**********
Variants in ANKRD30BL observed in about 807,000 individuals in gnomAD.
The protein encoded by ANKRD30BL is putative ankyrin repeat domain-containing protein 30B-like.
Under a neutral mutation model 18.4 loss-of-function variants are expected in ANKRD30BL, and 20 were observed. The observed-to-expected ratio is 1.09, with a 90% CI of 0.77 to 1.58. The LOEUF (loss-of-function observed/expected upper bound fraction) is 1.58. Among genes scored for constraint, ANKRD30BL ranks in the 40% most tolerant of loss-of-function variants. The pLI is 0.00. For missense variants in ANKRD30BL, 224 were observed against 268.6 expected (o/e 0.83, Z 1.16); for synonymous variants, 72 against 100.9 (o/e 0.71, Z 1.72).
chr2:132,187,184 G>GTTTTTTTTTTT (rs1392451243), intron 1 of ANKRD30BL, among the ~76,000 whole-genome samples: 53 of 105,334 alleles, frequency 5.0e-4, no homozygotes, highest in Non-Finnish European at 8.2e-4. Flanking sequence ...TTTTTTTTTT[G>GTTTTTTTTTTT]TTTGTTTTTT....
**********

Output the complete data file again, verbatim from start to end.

Variants in ANKRD30BL observed in about 807,000 individuals in gnomAD.
The protein encoded by ANKRD30BL is putative ankyrin repeat domain-containing protein 30B-like.
Under a neutral mutation model 18.4 loss-of-function variants are expected in ANKRD30BL, and 20 were observed. The observed-to-expected ratio is 1.09, with a 90% CI of 0.77 to 1.58. The LOEUF (loss-of-function observed/expected upper bound fraction) is 1.58. Among genes scored for constraint, ANKRD30BL ranks in the 40% most tolerant of loss-of-function variants. The pLI is 0.00. For missense variants in ANKRD30BL, 224 were observed against 268.6 expected (o/e 0.83, Z 1.16); for synonymous variants, 72 against 100.9 (o/e 0.71, Z 1.72).
chr2:132,187,184 G>GTTTTTTTTTTT (rs1392451243), intron 1 of ANKRD30BL, among the ~76,000 whole-genome samples: 53 of 105,334 alleles, frequency 5.0e-4, no homozygotes, highest in Non-Finnish European at 8.2e-4. Flanking sequence ...TTTTTTTTTT[G>GTTTTTTTTTTT]TTTGTTTTTT....